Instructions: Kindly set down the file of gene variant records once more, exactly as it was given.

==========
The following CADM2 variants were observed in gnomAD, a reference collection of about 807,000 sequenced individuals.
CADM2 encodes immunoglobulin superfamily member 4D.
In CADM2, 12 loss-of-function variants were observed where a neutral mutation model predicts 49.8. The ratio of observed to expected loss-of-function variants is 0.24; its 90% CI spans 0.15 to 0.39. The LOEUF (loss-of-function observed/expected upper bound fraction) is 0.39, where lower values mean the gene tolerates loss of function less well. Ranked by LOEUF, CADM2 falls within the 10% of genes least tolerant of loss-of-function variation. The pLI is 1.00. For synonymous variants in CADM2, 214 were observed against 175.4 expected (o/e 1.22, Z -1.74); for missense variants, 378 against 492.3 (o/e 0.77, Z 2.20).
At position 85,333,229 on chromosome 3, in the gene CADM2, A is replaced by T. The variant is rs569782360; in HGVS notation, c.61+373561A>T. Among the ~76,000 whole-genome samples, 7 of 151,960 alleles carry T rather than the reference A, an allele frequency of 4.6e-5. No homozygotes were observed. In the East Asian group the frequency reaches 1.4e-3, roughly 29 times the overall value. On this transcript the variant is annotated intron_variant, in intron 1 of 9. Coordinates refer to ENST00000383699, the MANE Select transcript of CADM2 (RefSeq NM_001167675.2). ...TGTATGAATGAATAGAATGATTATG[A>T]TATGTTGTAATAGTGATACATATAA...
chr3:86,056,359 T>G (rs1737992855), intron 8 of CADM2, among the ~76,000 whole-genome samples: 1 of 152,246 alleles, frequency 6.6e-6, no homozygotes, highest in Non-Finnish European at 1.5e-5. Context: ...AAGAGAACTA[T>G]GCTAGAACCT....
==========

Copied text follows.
The following CADM2 variants were observed in gnomAD, a reference collection of about 807,000 sequenced individuals.
CADM2 encodes immunoglobulin superfamily member 4D.
In CADM2, 12 loss-of-function variants were observed where a neutral mutation model predicts 49.8. The ratio of observed to expected loss-of-function variants is 0.24; its 90% CI spans 0.15 to 0.39. The LOEUF (loss-of-function observed/expected upper bound fraction) is 0.39, where lower values mean the gene tolerates loss of function less well. Ranked by LOEUF, CADM2 falls within the 10% of genes least tolerant of loss-of-function variation. The pLI is 1.00. For synonymous variants in CADM2, 214 were observed against 175.4 expected (o/e 1.22, Z -1.74); for missense variants, 378 against 492.3 (o/e 0.77, Z 2.20).
At position 85,333,229 on chromosome 3, in the gene CADM2, A is replaced by T. The variant is rs569782360; in HGVS notation, c.61+373561A>T. Among the ~76,000 whole-genome samples, 7 of 151,960 alleles carry T rather than the reference A, an allele frequency of 4.6e-5. No homozygotes were observed. In the East Asian group the frequency reaches 1.4e-3, roughly 29 times the overall value. On this transcript the variant is annotated intron_variant, in intron 1 of 9. Coordinates refer to ENST00000383699, the MANE Select transcript of CADM2 (RefSeq NM_001167675.2). ...TGTATGAATGAATAGAATGATTATG[A>T]TATGTTGTAATAGTGATACATATAA...
chr3:86,056,359 T>G (rs1737992855), intron 8 of CADM2, among the ~76,000 whole-genome samples: 1 of 152,246 alleles, frequency 6.6e-6, no homozygotes, highest in Non-Finnish European at 1.5e-5. Context: ...AAGAGAACTA[T>G]GCTAGAACCT....